The Carnegie Council Announces the Publication of "Dealing Fairly with Developing Country Debt" | 12/14/07 In this important volume edited by Christian Barry, Barry Herman, and Lydia Tomitova, philosophers, theologians, lawyers, and economists examine questions related to how to deal fairly with the over-indebted governments of developing countries.
The Paris Club at 50: Solution to the Debt Problem or Symbol of it? | 08/18/06 The Paris Club celebrated its 50th anniversary in July 2006. This is a suitable opportunity for rich creditor governments to acknowledge the deeply rooted ethical shortcomings of the present international debt architecture that stand in the way of justice and development.
Background Papers on Ethics and Debt | 01/16/06 Herman's "The Players and the Game of Sovereign Debt" describes arrangements that guide the interactions of actors involved in this issue. Barry's "Ethical Issues Relevant to Debt" discusses some of the principled disagreements underlying present disputes about sovereign debt resolution.
Is the G8 Dealing Justly with Debt? | 07/07/05 The offer by the G8 to cancel the debts of some of the world's poorest countries is a welcome step forward. Yet, referring to it as 100 percent debt cancellation is misleading since the deal, despite its promise to cancel significant amounts, is far from a comprehensive solution.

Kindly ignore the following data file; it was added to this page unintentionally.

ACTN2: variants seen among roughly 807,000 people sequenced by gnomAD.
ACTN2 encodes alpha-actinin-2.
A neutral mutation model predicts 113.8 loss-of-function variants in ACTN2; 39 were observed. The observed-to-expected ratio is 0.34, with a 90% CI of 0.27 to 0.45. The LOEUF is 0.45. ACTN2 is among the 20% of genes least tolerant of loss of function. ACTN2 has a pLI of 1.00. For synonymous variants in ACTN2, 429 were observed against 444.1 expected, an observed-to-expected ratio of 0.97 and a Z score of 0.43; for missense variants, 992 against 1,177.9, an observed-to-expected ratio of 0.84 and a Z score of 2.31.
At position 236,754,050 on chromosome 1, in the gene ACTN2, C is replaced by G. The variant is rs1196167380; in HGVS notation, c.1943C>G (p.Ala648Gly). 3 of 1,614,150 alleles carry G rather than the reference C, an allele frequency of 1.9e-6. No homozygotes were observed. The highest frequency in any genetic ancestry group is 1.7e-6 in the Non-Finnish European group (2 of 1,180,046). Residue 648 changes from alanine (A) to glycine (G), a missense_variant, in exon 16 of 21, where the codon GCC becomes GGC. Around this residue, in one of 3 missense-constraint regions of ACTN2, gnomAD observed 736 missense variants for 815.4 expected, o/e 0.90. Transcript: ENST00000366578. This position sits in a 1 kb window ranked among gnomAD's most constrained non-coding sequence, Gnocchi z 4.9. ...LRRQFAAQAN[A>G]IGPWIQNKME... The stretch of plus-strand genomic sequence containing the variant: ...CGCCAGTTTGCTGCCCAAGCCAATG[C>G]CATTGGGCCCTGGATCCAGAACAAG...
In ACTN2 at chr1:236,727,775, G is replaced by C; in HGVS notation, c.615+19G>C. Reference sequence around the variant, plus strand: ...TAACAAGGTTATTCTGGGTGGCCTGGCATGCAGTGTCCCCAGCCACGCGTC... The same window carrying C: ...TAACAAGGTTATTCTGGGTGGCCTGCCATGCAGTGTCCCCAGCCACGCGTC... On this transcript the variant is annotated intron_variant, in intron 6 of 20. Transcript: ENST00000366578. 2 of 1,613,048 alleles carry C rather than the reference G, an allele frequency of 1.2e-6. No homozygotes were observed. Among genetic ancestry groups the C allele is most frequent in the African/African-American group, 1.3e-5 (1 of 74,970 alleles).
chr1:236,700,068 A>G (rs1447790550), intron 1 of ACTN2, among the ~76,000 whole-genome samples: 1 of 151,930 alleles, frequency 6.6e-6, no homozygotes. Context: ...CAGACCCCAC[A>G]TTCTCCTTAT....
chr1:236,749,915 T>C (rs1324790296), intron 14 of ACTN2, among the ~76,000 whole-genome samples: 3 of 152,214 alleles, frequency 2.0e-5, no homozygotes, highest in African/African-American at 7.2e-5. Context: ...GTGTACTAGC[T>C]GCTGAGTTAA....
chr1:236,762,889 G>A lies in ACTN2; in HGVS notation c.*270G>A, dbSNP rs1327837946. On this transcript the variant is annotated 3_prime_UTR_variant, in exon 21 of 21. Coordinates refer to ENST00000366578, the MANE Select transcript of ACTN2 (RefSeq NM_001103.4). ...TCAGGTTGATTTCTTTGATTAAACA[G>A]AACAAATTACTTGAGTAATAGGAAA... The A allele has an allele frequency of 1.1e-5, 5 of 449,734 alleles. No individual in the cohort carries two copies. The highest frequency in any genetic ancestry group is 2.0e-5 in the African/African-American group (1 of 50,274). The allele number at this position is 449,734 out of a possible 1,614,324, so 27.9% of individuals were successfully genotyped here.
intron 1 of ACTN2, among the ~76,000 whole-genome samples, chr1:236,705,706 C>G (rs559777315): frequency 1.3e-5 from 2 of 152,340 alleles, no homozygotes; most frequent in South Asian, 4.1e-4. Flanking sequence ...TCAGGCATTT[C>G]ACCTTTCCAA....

Feasible Additional Sources of Finance for Development | 05/29/03 The conference considers possibilities of additional sources of finance either for disposition through multilateral agencies or bilateral aid for global priorities, or as additional own resources for developing countries.
Response to "Dealing Justly with Debt" | 02/21/03 The IMF may sometimes prescribe the wrong medicine to countries experiencing a financial crisis. Right now, the IMF’s support for the Lula government in Brazil is looking pretty good. By contrast, the medicine Mr. Barry proposes to cure Brazil’s debt problem looks more like snake oil.
Dealing Justly with Debt | 01/05/03 On October 27, 2002, former factory worker Luis Inácio Lula da Silva (popularly known as “Lula”) achieved a landslide victory in the Brazilian presidential election. His platform included pledges to lower Brazil’s domestic interest rates (which, at 21%, remain among the highest in the world), revive national industry, invest in public infrastructure, and establish a “zero-hunger” program that will include food stamps for the poor.